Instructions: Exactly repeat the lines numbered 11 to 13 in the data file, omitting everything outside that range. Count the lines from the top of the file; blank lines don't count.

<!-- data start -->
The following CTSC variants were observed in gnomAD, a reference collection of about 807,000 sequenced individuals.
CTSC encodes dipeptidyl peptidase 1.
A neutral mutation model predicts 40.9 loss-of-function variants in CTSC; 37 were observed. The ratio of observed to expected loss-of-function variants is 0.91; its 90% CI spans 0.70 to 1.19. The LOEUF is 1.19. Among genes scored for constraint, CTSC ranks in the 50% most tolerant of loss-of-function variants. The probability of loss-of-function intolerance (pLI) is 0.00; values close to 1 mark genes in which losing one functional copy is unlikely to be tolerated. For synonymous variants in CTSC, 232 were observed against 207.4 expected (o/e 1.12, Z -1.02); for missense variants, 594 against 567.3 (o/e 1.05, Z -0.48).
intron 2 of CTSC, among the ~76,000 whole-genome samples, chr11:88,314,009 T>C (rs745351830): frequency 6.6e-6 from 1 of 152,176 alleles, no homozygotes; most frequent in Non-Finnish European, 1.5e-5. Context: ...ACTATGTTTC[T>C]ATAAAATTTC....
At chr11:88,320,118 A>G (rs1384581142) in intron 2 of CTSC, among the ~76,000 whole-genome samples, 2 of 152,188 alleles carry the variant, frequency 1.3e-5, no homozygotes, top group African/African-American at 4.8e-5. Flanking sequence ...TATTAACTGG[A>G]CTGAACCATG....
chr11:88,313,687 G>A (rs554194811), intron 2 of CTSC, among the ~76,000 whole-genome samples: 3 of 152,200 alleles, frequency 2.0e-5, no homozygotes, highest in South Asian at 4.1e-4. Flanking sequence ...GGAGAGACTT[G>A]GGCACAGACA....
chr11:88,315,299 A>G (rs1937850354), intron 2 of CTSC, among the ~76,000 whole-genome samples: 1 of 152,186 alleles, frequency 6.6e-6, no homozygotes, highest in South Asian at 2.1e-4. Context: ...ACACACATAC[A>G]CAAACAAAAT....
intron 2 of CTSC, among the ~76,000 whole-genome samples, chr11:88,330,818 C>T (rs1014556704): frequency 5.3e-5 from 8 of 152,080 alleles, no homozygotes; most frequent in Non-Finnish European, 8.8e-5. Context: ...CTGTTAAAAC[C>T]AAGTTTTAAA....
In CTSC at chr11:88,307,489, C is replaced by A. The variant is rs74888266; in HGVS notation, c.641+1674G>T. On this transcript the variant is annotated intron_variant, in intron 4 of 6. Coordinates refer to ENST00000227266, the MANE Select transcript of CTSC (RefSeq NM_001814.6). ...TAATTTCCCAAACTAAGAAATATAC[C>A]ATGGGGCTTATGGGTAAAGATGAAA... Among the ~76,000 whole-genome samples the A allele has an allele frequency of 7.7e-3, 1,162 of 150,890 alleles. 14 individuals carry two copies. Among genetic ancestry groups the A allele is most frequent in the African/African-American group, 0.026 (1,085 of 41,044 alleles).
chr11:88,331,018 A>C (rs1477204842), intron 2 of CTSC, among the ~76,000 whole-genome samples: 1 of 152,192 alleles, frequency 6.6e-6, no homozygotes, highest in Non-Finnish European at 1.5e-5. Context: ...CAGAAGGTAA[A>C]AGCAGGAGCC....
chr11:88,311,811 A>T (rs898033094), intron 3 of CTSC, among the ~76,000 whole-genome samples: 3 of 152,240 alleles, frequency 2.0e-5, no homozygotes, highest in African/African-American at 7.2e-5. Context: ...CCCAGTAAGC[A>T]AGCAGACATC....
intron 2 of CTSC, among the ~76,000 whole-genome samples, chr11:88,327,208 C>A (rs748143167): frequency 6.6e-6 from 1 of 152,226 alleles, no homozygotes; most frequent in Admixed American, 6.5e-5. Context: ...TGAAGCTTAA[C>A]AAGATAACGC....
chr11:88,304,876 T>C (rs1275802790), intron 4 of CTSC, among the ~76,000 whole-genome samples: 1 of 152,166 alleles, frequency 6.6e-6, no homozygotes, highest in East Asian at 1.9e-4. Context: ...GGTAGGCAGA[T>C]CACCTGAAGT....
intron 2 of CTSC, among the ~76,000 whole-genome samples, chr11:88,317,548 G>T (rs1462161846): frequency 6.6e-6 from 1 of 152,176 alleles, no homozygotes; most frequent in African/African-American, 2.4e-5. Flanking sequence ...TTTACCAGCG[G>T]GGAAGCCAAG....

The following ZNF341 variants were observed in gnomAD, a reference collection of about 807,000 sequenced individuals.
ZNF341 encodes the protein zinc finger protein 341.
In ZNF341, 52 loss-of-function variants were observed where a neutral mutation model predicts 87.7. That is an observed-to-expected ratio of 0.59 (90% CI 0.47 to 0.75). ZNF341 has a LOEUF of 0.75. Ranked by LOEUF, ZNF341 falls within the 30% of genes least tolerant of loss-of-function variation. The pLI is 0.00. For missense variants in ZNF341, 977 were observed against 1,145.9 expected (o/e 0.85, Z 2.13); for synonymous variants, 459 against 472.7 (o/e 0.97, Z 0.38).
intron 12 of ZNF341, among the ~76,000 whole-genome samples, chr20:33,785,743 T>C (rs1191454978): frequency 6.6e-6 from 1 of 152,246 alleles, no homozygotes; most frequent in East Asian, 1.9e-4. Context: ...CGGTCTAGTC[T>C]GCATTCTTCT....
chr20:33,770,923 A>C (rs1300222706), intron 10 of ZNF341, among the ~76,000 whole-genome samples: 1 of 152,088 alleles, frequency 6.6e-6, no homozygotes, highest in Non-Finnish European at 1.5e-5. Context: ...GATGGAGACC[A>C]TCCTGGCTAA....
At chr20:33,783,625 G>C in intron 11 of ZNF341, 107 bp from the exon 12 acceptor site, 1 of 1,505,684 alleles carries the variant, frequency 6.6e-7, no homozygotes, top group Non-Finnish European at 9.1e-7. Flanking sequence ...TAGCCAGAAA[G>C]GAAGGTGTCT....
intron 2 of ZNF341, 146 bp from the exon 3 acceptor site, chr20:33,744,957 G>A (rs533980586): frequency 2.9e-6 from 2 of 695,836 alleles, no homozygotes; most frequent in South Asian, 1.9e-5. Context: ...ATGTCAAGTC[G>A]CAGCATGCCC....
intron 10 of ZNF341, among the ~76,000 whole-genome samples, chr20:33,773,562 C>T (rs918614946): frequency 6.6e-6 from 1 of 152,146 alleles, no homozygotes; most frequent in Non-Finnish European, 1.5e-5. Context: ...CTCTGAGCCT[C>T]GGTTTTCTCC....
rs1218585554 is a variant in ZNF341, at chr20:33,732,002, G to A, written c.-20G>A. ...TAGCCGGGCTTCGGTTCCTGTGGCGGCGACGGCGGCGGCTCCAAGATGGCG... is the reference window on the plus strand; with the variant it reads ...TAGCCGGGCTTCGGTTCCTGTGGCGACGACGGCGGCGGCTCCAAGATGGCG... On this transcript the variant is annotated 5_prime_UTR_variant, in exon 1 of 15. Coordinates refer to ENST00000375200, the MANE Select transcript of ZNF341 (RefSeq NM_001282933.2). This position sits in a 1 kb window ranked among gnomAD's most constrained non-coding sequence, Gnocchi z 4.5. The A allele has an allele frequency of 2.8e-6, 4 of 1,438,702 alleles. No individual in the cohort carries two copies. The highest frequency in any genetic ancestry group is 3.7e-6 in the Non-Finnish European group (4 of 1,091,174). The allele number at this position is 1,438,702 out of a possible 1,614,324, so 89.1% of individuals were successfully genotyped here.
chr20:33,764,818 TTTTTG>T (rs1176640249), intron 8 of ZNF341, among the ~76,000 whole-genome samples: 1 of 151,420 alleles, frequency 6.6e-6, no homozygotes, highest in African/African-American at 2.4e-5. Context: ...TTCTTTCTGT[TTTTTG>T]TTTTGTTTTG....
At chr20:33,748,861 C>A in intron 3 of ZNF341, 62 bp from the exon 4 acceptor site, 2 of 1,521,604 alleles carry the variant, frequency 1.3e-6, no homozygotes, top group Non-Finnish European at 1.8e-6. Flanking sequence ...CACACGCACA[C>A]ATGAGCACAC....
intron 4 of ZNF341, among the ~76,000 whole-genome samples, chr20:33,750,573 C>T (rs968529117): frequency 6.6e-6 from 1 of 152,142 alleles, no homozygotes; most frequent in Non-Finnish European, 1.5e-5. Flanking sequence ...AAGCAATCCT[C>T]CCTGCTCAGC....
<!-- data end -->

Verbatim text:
chr11:88,311,811 A>T (rs898033094), intron 3 of CTSC, among the ~76,000 whole-genome samples: 3 of 152,240 alleles, frequency 2.0e-5, no homozygotes, highest in African/African-American at 7.2e-5. Context: ...CCCAGTAAGC[A>T]AGCAGACATC....
intron 2 of CTSC, among the ~76,000 whole-genome samples, chr11:88,327,208 C>A (rs748143167): frequency 6.6e-6 from 1 of 152,226 alleles, no homozygotes; most frequent in Admixed American, 6.5e-5. Context: ...TGAAGCTTAA[C>A]AAGATAACGC....
chr11:88,304,876 T>C (rs1275802790), intron 4 of CTSC, among the ~76,000 whole-genome samples: 1 of 152,166 alleles, frequency 6.6e-6, no homozygotes, highest in East Asian at 1.9e-4. Context: ...GGTAGGCAGA[T>C]CACCTGAAGT....